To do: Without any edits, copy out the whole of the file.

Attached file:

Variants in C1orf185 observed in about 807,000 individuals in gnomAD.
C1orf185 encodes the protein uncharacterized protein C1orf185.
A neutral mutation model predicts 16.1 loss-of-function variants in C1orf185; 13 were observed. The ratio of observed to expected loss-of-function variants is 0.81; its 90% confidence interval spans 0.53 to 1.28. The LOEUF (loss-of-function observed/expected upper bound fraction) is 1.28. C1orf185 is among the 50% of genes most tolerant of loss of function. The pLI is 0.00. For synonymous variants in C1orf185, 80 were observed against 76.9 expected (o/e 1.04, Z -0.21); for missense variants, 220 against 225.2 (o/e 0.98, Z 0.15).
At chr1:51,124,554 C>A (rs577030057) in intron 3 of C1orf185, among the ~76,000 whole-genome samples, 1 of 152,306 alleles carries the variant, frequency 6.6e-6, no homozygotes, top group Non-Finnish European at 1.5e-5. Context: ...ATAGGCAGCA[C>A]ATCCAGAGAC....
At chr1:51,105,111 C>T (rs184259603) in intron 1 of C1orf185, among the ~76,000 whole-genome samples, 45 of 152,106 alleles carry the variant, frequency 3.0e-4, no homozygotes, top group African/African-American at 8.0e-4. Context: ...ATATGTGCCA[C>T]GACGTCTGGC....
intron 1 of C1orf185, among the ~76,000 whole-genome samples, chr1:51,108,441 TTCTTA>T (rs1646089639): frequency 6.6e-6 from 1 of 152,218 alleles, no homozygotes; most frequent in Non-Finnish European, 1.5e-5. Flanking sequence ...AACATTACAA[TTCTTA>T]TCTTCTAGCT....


Variants in C1orf185 observed in about 807,000 individuals in gnomAD.
C1orf185 encodes the protein uncharacterized protein C1orf185.
A neutral mutation model predicts 16.1 loss-of-function variants in C1orf185; 13 were observed. The ratio of observed to expected loss-of-function variants is 0.81; its 90% confidence interval spans 0.53 to 1.28. The LOEUF (loss-of-function observed/expected upper bound fraction) is 1.28. C1orf185 is among the 50% of genes most tolerant of loss of function. The pLI is 0.00. For synonymous variants in C1orf185, 80 were observed against 76.9 expected (o/e 1.04, Z -0.21); for missense variants, 220 against 225.2 (o/e 0.98, Z 0.15).
At chr1:51,124,554 C>A (rs577030057) in intron 3 of C1orf185, among the ~76,000 whole-genome samples, 1 of 152,306 alleles carries the variant, frequency 6.6e-6, no homozygotes, top group Non-Finnish European at 1.5e-5. Context: ...ATAGGCAGCA[C>A]ATCCAGAGAC....
At chr1:51,105,111 C>T (rs184259603) in intron 1 of C1orf185, among the ~76,000 whole-genome samples, 45 of 152,106 alleles carry the variant, frequency 3.0e-4, no homozygotes, top group African/African-American at 8.0e-4. Context: ...ATATGTGCCA[C>T]GACGTCTGGC....
intron 1 of C1orf185, among the ~76,000 whole-genome samples, chr1:51,108,441 TTCTTA>T (rs1646089639): frequency 6.6e-6 from 1 of 152,218 alleles, no homozygotes; most frequent in Non-Finnish European, 1.5e-5. Flanking sequence ...AACATTACAA[TTCTTA>T]TCTTCTAGCT....